AUSTIN, Texas – Army Futures Command’s Army Applications Laboratory (AAL) recently launched a Soldier Innovation Network to increase internal awareness of how the Army is employing innovation across the force to solve complex problems.
The network connects leaders, innovators and subject matter experts from multiple Army units and other Department of Defense entities to enable the identification of common innovation challenges, along with collaborative means of addressing them.
The inaugural working group meeting of the Soldier Innovation Network took place at Austin’s Capital Factory from April 26 to 28, and included guest speakers from SpaceX and the Autonomy Institute.
The event was deliberately designed to serve as a “casual conversation with directed intent,” said Lt. Col. Donald Spence, Operations Officer at AAL.
Having a “bringing-together-the-family conversation about innovation” allowed important space for broad information-sharing as well as the organic development of desired network parameters, Spence explained.
Representatives from more than 20 Army and Air Force units, located in nine different states, attended the event. Attendees included innovation-minded Soldiers and Army Civilians from the U.S. Army Combat Capabilities Development Command (DEVCOM), Army National Guard, Army Reserve and multiple infantry divisions, including the 1st Special Forces Division, 82nd Airborne Division and 101st Airborne Division. Air Force representatives, including from AFWERX, were also in attendance.
Participants discussed their respective command priorities, projects and resources within the innovation context, delving into aspects such as activity maturity levels and areas for further capacity development. The conversation increased participant knowledge of programs, partnerships and funding available for innovation and covered topics such as evolving acquisition pathways and strategic communication strategies.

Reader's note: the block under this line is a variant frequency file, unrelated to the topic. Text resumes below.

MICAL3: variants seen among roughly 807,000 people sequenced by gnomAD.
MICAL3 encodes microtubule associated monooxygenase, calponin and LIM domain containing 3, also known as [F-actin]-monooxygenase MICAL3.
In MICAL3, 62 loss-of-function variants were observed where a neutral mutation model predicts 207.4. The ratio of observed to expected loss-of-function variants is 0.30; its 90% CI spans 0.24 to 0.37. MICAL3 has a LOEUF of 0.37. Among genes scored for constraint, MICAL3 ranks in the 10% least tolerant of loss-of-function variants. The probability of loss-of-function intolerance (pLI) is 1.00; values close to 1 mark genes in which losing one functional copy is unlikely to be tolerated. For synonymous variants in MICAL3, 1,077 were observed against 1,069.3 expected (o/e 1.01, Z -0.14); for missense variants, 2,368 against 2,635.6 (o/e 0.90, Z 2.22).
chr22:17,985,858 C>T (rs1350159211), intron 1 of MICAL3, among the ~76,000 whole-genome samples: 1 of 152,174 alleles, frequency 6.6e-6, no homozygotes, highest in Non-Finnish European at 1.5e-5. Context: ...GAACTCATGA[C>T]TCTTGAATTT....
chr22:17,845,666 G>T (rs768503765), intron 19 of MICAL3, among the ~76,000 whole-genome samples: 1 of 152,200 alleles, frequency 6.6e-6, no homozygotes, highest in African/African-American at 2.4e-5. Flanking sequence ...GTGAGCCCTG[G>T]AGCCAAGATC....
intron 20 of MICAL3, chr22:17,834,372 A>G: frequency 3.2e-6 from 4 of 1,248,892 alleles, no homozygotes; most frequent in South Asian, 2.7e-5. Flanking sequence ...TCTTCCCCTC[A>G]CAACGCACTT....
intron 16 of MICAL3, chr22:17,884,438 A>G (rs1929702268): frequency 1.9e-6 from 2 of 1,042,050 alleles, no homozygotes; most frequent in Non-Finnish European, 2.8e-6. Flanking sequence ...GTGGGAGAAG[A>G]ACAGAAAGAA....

In addition to providing participants with improved awareness of innovation efforts at the unit level, the event offered an opportunity to consider “what we can do as a group and bring together with common threads,” Spence said.
Many two- and three-star Army commands have their own innovation cells, and better comprehending and coordinating the distinct work of these cells – as well as overarching Army priorities – can amplify efforts while minimizing redundancies.
“We laid that heat map out,” said AAL Director Col. Jay Wisham of AAL-led efforts to identify who is doing what within the realm of Army innovation.
Understanding the landscape and various players involved “helps aim the Army at common problems,” Wisham said. These problems can vary from how to create cost-effective electromagnetic devices to how to develop anti-flammable batteries, but all require new ways of thinking and/or the skillful application of cutting-edge technologies. Leveraging innovation to overcome such challenges can save time, increase efficiency and make it easier and safer for Soldiers to do their jobs.
With AAL serving as “quarterback,” the network plans to explore creative approaches to innovation that productively challenge Army norms – an objective participants were eager to tackle.
“I would like to see how the Army moves to more inclusion of the Soldiers at the tactical level in the innovation process,” said network member David Rolen, Future Tech Scout for the 1st Special Forces Command (Airborne).
Rolen described the work of AAL as “a great step in the right direction, to start bringing that command influence and constant exposure” to mutual topics of interest and concern. He sees the Soldier Innovation Network is “one small part of the big fix” required to unite innovation and acquisition frameworks in a way that ensures outstanding ideas and novel tools don’t languish. Rolen appreciated the ability to workshop solutions to innovation challenges with other stakeholders, noting “we certainly couldn’t do it without the Army Applications Lab and everything they do for us.”
This dynamic opportunity for teamwork was one of AAL’s primary goals for the nascent network, which will continue to meet at steady intervals – both virtually and in-person – over the coming months.
“We are a connector of a unique fashion in the U.S. Army right now,” said Wisham, adding that cultural change in the Army – specifically a shift toward innovation as integral – depends on the ongoing participation and endorsement of numerous players.
The Army Applications Laboratory discovers current and emergent technology, applies innovation best practices to warfighter needs and establishes a deep network with cutting-edge industry partners to accelerate technology into the hands of warfighters.
Learn more about the work of the Army Applications Laboratory at https://aal.army/.